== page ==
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Publications (11)30.17 Total impact

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    ABSTRACT: Survival rates of adenocarcinomas of the gastroesophageal junction (GEJ) are low, because these tumors are generally in an advanced stage by the time they are detected. Chromosomal regions 1q32, 7q21, and 8p22 display critical alterations in GEJ cancers; however, the genes underlying alterations in these genomic areas are largely unknown. To delineate overexpressed genes, we performed array comparative genomic hybridization (aCGH) and mRNA expression analysis of 15 GEJ adenocarcinoma samples using a fine-tiling cDNA array covering chromosome segments 1q31.3~q41 (193.9-215.8 Mb: 21.9 Mb), 7q11.23~q22.1 (72.3-103.0 Mb: 30.7 Mb), and 8p23.1~p21.3 (11.1-20.7 Mb: 9.6 Mb). Based on a mRNA overexpression criterion, 11 genes were selected: ELF3 and SLC45A3 on 1q; CLDN12, CDK6, SMURF1, ARPC1B, ZKSCAN1, MCM7, and COPS6 on 7q; and FDFT1 and CTSB on 8p. The protein expression levels were subsequently determined by immunohistochemical analysis of the cancer samples. There was a significant correlation between genomic amplification, mRNA, and protein expression or overexpression for CDK6, a cell cycle regulator on 7q21.2 (92.1 Mb; P<0.01); other genes showed less stringent associations. In conclusion, using a straightforward approach we constructed a targeted gene profile for GEJ adenocarcinomas.
    Cancer genetics and cytogenetics 02/2009; 189(1):37-42. · 1.54 Impact Factor
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    ABSTRACT: Histopathologic grading of dysplasia in Barrett esophagus (BE) shows substantial interobserver and intraobserver variation. We used immunohistochemical analysis with a set of tumor cell markers, ie, epidermal growth factor receptor (EGFR), ERBB2 (HER2/neu), MYC, CDKN2A (p16), SMAD4, MET, CCND1 (cyclin D1), CTNNB1 (beta-catenin), and TP53 (p53), in histologic sections of endoscopic biopsies of 86 patients with BE in various stages of neoplastic progression. The markers, except SMAD4, were scored as 0 (<1% of cells stained), 1 (1%-25%), 2 (26%-50%), or 3 (>50%). All markers, except EGFR, showed a significant trend for immunohistochemical protein overexpression during malignant progression in BE (P <.01). When the successive stages along the metaplasia-low-grade dysplasia (LGD)-high-grade dysplasia (HGD)-adenocarcinoma axis were compared, protein overexpression of beta-catenin separated LGD from metaplasia, whereas protein overexpression of cyclin D1 and p53 discriminated HGD from LGD (all P <.001). beta-Catenin can be helpful for a diagnosis of LGD in BE, although it stains positively in a subset only, whereas p53 remains an appropriate marker to define HGD. In case of doubt, cyclin D1 can be added to separate LGD from HGD in BE.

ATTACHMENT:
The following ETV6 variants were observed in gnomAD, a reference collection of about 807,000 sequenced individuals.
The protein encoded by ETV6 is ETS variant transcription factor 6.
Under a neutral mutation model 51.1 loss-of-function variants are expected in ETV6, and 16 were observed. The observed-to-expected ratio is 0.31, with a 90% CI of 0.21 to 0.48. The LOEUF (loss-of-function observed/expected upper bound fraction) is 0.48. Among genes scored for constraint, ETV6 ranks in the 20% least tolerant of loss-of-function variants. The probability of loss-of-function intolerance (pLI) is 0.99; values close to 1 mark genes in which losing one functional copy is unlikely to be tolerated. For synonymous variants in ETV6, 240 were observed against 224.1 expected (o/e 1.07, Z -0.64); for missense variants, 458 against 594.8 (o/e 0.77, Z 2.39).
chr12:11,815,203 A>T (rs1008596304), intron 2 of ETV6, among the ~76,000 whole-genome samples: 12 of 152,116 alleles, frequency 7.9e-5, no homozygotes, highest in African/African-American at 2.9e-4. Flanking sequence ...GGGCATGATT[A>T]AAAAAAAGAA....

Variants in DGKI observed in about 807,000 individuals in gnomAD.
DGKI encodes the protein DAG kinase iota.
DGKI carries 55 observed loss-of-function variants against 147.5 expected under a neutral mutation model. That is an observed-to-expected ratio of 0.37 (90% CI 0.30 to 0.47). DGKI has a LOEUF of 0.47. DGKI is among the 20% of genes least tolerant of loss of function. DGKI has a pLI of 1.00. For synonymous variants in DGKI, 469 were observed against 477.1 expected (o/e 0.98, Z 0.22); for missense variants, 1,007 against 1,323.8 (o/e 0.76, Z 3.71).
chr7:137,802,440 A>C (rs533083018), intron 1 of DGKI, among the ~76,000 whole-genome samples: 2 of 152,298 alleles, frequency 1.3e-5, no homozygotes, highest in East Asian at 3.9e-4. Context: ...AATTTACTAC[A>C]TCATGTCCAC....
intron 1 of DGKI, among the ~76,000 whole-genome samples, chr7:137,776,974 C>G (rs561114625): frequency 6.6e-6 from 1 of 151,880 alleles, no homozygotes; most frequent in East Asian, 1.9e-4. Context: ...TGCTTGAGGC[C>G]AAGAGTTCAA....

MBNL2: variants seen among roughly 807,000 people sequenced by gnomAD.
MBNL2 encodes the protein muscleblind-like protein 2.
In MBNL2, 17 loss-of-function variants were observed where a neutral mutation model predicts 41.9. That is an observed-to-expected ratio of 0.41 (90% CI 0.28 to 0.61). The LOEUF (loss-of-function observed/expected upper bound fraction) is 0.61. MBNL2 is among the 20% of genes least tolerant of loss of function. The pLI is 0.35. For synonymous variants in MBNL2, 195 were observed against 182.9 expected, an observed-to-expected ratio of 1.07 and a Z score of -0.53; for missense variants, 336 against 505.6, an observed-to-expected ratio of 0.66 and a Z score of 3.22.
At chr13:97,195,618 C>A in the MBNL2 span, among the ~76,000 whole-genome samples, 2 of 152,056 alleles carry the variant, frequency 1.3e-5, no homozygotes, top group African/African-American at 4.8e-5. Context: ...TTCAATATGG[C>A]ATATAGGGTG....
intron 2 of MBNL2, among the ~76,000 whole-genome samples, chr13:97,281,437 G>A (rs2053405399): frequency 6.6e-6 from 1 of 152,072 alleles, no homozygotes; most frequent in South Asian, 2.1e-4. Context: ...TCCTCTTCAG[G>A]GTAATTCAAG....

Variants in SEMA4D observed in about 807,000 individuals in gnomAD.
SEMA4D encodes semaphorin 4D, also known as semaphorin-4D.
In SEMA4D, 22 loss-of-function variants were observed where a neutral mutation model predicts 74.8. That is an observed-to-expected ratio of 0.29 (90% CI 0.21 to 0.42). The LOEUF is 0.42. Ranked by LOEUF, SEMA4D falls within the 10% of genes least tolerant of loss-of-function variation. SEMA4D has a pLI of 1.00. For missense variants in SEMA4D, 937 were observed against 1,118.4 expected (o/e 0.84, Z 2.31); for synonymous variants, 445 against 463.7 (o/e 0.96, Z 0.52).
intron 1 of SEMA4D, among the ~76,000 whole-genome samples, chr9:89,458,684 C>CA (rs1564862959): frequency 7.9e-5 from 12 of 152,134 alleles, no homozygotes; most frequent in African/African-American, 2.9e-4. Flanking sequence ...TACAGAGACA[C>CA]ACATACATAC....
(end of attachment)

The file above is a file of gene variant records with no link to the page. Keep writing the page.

American Journal of Clinical Pathology 11/2008; 130(5):745-53. · 2.88 Impact Factor
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    ABSTRACT: Amplification of chromosome band 7q21 has been frequently detected in various types of cancer including gastroesophageal junction (GEJ) adenocarcinomas. At present, no gene has been disclosed that can explain this frequent amplification of 7q21 in GEJ carcinomas. Therefore, a detailed genomic analysis of the 7q21 region was performed on a selected series of GEJ adenocarcinomas, i.e., 14 primary adenocarcinomas and 10 cell lines, by array comparative genomic hybridization (aCGH) with a 7q11.22-q31.2 contig array. A distinct peak of amplification was identified at 92.1 Mb in 7q21.2, precisely comprising cyclin-dependent kinase 6 (CDK6), a gene involved in cell cycle regulation. A smaller peak was seen at 116.2 Mb in 7q31.2, the locus of the MET proto-oncogene. No distinct peak was detected for the hepatocyte growth factor (HGF) at 81.3 Mb in 7q21.11. An immunoprofile of HGF, CDK6 and MET revealed a strong correlation between aCGH and immunohistochemical protein expression for CDK6 (P = 0.002). Furthermore, immunohistochemistry did not show expression of CDK6 in Barrett's dysplasia and carcinoma in situ, correlating expression of CDK6 with a malignant phenotype. We conclude that high-resolution genomic analysis and immunoprofiling identify CDK6 as the main candidate target for the recurrent amplification of 7q21 in GEJ adenocarcinomas.